WASHINGTON • A group of Chinese political activists has filed a lawsuit in the US federal court against Yahoo, saying that the firm failed to properly oversee a US$17 million (S$24 million) fund it created a decade ago to help Chinese writers, democracy advocates and human rights lawyers persecuted for standing up to the Chinese government.
The lawsuit accuses Yahoo senior executives of turning a blind eye as the fund's manager, Mr Harry Wu, illegally spent millions of dollars on high-end real estate, inflated staff salaries and a museum documenting the history of forced labour camps in China.
The lawsuit said Mr Wu, a veteran Chinese dissident who died at age 79 in April last year, spent less than 4 per cent of the money on humanitarian aid. The lawsuit demands that Yahoo replenish the trust.
Yahoo spokesman Suzanne Philion declined to comment, saying it does not discuss litigation.
The lawsuit is a reminder of one of the more ignominious episodes in Yahoo's history. In 2007, the company belatedly acknowledged that it had provided Chinese authorities with the identities of subscribers in China whose e-mail had angered the government. The disclosures led to two activists being sentenced to 10 years in jail.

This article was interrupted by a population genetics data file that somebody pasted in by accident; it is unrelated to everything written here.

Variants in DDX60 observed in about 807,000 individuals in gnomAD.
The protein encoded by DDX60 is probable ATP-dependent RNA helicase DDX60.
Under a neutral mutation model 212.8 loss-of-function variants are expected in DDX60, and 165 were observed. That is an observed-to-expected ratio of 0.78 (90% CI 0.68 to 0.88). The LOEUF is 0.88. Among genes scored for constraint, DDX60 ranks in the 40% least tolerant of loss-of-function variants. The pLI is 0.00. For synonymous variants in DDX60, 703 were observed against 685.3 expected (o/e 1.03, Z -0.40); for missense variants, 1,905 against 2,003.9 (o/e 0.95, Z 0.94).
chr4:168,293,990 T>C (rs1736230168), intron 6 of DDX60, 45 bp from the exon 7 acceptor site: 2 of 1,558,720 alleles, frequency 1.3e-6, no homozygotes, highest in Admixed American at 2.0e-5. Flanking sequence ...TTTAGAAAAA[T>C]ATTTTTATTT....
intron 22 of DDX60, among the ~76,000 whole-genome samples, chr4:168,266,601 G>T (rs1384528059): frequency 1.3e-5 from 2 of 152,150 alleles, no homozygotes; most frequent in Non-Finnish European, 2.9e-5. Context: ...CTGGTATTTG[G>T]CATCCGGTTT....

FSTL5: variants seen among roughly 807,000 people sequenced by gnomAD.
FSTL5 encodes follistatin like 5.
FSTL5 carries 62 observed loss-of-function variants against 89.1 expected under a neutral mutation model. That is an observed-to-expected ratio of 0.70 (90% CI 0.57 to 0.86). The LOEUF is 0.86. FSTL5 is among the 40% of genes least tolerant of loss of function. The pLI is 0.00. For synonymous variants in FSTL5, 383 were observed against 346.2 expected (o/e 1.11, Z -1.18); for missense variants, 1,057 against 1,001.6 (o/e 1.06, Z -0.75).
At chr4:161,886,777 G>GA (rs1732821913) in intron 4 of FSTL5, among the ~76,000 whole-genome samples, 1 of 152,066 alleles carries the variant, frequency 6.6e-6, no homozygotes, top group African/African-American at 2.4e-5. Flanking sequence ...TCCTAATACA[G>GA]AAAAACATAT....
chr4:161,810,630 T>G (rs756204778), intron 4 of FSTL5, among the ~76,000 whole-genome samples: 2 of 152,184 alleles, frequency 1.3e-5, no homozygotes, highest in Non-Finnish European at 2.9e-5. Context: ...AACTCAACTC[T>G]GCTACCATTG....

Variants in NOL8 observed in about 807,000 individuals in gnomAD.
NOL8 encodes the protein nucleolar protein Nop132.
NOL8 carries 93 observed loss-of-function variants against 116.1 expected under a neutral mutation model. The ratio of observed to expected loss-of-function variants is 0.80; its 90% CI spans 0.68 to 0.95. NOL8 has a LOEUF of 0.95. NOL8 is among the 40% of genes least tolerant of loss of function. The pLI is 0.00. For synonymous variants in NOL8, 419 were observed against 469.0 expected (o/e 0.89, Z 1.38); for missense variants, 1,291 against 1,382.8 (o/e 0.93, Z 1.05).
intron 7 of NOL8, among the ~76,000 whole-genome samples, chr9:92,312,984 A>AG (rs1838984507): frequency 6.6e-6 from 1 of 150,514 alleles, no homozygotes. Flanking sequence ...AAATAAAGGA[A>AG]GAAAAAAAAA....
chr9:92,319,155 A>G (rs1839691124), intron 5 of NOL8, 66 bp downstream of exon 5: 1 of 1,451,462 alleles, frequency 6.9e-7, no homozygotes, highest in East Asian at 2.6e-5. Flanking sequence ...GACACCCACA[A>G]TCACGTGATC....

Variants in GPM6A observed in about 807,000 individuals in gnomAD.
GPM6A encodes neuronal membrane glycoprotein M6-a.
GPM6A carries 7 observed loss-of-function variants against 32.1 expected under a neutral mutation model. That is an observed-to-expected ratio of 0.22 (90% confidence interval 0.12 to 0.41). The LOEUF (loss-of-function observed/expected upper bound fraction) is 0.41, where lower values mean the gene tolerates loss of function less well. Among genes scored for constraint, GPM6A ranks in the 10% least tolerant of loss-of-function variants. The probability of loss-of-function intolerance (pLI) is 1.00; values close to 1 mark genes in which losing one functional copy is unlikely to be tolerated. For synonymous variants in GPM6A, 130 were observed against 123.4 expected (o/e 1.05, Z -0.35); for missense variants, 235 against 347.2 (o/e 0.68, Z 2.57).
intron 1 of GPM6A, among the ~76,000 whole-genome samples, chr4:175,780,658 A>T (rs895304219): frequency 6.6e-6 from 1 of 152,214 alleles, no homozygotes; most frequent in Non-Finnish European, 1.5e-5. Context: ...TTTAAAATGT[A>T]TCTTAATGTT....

In a public rebuke, a congressional panel criticised Yahoo's chief executive at the time, Mr Jerry Yang, and accused him of lying about the company's cooperation with Chinese security officials.
To settle litigation against the firm, Mr Yang gave US$3.2 million to relatives of each of the two jailed dissidents. And it also provided more than US$17 million for the creation of a humanitarian fund dedicated to helping Chinese activists and their families.
Mr Wu spent much of the money on his organisation, the Laogai Research Foundation, which had worked to expose China's exploitative use of prison labour.
According to the foundation's filings, only US$700,000 was distributed to dissidents or their families, many of whom were forced into poverty by the government.
Of the original US$17 million, less than US$3 million is thought to remain.